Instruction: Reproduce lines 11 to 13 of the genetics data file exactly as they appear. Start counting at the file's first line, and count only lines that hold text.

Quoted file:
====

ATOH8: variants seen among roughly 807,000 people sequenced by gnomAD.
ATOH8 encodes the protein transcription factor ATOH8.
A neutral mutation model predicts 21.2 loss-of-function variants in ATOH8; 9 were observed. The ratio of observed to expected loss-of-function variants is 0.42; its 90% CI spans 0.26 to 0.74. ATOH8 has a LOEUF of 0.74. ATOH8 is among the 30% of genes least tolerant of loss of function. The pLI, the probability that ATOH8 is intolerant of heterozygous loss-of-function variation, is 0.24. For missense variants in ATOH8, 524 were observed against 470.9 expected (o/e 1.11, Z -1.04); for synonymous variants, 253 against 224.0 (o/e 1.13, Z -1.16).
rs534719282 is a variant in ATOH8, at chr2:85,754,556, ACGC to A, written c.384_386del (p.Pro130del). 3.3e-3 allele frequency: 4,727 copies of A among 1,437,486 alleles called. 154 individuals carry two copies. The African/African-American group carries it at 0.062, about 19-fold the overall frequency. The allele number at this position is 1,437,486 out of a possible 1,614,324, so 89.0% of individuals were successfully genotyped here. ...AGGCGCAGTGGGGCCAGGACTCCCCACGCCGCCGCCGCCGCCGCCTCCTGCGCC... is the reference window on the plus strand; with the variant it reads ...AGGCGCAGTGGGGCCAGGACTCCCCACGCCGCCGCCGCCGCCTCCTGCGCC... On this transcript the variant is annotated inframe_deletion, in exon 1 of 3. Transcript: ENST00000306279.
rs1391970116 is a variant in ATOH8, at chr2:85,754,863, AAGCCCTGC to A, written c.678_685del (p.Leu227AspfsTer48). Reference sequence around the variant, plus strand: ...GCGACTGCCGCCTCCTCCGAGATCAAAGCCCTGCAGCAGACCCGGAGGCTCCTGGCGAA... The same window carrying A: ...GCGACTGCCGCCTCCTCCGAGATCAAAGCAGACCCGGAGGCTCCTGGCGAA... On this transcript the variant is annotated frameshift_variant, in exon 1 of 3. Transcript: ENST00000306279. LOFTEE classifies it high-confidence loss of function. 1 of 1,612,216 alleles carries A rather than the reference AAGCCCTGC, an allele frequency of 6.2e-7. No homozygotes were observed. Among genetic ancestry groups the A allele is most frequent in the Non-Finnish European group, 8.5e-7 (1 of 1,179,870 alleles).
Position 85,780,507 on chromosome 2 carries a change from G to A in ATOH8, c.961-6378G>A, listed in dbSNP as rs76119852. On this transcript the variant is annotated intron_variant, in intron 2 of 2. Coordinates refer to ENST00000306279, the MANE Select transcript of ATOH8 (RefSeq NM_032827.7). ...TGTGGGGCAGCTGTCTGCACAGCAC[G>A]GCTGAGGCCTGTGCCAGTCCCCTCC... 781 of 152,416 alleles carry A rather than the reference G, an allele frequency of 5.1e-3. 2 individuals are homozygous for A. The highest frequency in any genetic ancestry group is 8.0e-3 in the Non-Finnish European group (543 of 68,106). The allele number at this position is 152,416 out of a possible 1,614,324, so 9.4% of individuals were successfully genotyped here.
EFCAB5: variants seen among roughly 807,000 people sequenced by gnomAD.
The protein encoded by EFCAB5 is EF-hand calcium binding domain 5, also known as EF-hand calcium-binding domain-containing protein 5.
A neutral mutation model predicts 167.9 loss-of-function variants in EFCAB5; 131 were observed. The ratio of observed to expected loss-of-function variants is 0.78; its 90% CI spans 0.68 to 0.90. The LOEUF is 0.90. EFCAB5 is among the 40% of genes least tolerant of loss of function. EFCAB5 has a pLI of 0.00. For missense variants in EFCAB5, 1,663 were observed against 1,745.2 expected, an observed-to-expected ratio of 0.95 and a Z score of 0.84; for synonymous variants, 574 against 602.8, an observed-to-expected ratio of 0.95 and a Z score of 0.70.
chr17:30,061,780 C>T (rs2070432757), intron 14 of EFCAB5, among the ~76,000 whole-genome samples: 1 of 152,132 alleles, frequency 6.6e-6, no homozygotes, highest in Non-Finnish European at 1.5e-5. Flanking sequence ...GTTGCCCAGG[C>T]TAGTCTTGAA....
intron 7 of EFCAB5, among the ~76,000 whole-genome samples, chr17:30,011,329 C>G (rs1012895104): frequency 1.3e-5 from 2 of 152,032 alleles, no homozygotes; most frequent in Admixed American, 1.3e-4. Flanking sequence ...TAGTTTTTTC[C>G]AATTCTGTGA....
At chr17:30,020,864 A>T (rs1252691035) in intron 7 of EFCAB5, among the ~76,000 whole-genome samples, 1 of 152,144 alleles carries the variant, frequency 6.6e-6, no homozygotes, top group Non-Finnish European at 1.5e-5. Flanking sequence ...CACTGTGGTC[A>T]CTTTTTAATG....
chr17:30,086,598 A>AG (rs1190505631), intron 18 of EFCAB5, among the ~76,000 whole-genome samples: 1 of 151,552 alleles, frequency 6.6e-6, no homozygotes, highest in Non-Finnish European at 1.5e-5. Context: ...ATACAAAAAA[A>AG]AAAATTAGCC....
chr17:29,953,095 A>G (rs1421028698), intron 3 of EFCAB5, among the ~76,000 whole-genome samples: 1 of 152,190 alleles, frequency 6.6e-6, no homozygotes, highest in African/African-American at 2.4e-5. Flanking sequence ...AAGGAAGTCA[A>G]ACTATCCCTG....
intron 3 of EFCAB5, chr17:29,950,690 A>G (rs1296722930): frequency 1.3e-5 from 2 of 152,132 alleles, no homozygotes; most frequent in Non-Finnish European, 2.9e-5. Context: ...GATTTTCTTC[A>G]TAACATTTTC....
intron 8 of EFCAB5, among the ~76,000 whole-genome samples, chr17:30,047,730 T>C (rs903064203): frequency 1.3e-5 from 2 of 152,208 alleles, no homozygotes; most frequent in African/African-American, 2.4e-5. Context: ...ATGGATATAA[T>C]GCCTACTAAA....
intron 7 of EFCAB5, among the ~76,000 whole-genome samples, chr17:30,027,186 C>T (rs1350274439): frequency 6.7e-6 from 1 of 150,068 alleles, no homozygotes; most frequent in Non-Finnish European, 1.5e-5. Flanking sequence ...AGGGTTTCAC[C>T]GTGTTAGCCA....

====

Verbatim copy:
intron 7 of EFCAB5, among the ~76,000 whole-genome samples, chr17:30,011,329 C>G (rs1012895104): frequency 1.3e-5 from 2 of 152,032 alleles, no homozygotes; most frequent in Admixed American, 1.3e-4. Flanking sequence ...TAGTTTTTTC[C>G]AATTCTGTGA....
At chr17:30,020,864 A>T (rs1252691035) in intron 7 of EFCAB5, among the ~76,000 whole-genome samples, 1 of 152,144 alleles carries the variant, frequency 6.6e-6, no homozygotes, top group Non-Finnish European at 1.5e-5. Flanking sequence ...CACTGTGGTC[A>T]CTTTTTAATG....
chr17:30,086,598 A>AG (rs1190505631), intron 18 of EFCAB5, among the ~76,000 whole-genome samples: 1 of 151,552 alleles, frequency 6.6e-6, no homozygotes, highest in Non-Finnish European at 1.5e-5. Context: ...ATACAAAAAA[A>AG]AAAATTAGCC....